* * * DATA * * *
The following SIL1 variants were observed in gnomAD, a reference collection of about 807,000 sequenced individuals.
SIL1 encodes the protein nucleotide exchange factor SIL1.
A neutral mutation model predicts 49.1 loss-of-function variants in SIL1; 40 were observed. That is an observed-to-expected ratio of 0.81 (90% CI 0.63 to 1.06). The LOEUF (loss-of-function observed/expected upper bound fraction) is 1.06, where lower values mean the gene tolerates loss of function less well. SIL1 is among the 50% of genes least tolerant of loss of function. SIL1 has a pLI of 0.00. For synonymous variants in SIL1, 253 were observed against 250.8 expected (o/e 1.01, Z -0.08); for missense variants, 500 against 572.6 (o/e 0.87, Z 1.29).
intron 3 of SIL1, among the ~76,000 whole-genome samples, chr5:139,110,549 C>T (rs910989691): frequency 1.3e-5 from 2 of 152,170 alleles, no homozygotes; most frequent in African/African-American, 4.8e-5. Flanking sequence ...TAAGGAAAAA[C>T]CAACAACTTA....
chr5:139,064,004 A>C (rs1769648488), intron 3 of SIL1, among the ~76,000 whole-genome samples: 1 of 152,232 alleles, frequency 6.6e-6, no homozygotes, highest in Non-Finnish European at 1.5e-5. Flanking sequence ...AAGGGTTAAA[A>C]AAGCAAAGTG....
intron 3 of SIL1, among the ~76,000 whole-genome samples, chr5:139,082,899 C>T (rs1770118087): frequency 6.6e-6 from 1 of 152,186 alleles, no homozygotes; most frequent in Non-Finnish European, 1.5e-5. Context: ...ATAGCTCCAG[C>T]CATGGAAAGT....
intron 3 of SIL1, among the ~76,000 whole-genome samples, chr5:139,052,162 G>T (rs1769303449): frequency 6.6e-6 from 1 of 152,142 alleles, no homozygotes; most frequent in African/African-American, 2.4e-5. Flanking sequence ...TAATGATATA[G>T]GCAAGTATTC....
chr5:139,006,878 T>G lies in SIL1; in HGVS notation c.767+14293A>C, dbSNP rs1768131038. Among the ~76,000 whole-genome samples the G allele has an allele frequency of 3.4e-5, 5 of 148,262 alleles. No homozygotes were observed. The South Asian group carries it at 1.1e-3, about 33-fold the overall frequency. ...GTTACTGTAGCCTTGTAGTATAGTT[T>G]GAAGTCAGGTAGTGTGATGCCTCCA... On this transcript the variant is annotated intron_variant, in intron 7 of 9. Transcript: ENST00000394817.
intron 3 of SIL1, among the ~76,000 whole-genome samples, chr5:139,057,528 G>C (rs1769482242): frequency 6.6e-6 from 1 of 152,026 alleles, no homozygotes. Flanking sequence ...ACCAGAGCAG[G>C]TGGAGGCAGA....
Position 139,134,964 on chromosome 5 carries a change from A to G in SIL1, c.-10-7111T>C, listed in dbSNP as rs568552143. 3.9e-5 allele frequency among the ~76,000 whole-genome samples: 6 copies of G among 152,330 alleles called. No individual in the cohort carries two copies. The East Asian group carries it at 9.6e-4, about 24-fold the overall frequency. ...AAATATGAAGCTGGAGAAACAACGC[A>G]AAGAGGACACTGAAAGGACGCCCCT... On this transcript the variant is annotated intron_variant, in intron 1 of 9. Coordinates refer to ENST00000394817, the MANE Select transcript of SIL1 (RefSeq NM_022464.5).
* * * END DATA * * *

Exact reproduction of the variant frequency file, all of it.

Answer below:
The following SIL1 variants were observed in gnomAD, a reference collection of about 807,000 sequenced individuals.
SIL1 encodes the protein nucleotide exchange factor SIL1.
A neutral mutation model predicts 49.1 loss-of-function variants in SIL1; 40 were observed. That is an observed-to-expected ratio of 0.81 (90% CI 0.63 to 1.06). The LOEUF (loss-of-function observed/expected upper bound fraction) is 1.06, where lower values mean the gene tolerates loss of function less well. SIL1 is among the 50% of genes least tolerant of loss of function. SIL1 has a pLI of 0.00. For synonymous variants in SIL1, 253 were observed against 250.8 expected (o/e 1.01, Z -0.08); for missense variants, 500 against 572.6 (o/e 0.87, Z 1.29).
intron 3 of SIL1, among the ~76,000 whole-genome samples, chr5:139,110,549 C>T (rs910989691): frequency 1.3e-5 from 2 of 152,170 alleles, no homozygotes; most frequent in African/African-American, 4.8e-5. Flanking sequence ...TAAGGAAAAA[C>T]CAACAACTTA....
chr5:139,064,004 A>C (rs1769648488), intron 3 of SIL1, among the ~76,000 whole-genome samples: 1 of 152,232 alleles, frequency 6.6e-6, no homozygotes, highest in Non-Finnish European at 1.5e-5. Flanking sequence ...AAGGGTTAAA[A>C]AAGCAAAGTG....
intron 3 of SIL1, among the ~76,000 whole-genome samples, chr5:139,082,899 C>T (rs1770118087): frequency 6.6e-6 from 1 of 152,186 alleles, no homozygotes; most frequent in Non-Finnish European, 1.5e-5. Context: ...ATAGCTCCAG[C>T]CATGGAAAGT....
intron 3 of SIL1, among the ~76,000 whole-genome samples, chr5:139,052,162 G>T (rs1769303449): frequency 6.6e-6 from 1 of 152,142 alleles, no homozygotes; most frequent in African/African-American, 2.4e-5. Flanking sequence ...TAATGATATA[G>T]GCAAGTATTC....
chr5:139,006,878 T>G lies in SIL1; in HGVS notation c.767+14293A>C, dbSNP rs1768131038. Among the ~76,000 whole-genome samples the G allele has an allele frequency of 3.4e-5, 5 of 148,262 alleles. No homozygotes were observed. The South Asian group carries it at 1.1e-3, about 33-fold the overall frequency. ...GTTACTGTAGCCTTGTAGTATAGTT[T>G]GAAGTCAGGTAGTGTGATGCCTCCA... On this transcript the variant is annotated intron_variant, in intron 7 of 9. Transcript: ENST00000394817.
intron 3 of SIL1, among the ~76,000 whole-genome samples, chr5:139,057,528 G>C (rs1769482242): frequency 6.6e-6 from 1 of 152,026 alleles, no homozygotes. Flanking sequence ...ACCAGAGCAG[G>C]TGGAGGCAGA....
Position 139,134,964 on chromosome 5 carries a change from A to G in SIL1, c.-10-7111T>C, listed in dbSNP as rs568552143. 3.9e-5 allele frequency among the ~76,000 whole-genome samples: 6 copies of G among 152,330 alleles called. No individual in the cohort carries two copies. The East Asian group carries it at 9.6e-4, about 24-fold the overall frequency. ...AAATATGAAGCTGGAGAAACAACGC[A>G]AAGAGGACACTGAAAGGACGCCCCT... On this transcript the variant is annotated intron_variant, in intron 1 of 9. Coordinates refer to ENST00000394817, the MANE Select transcript of SIL1 (RefSeq NM_022464.5).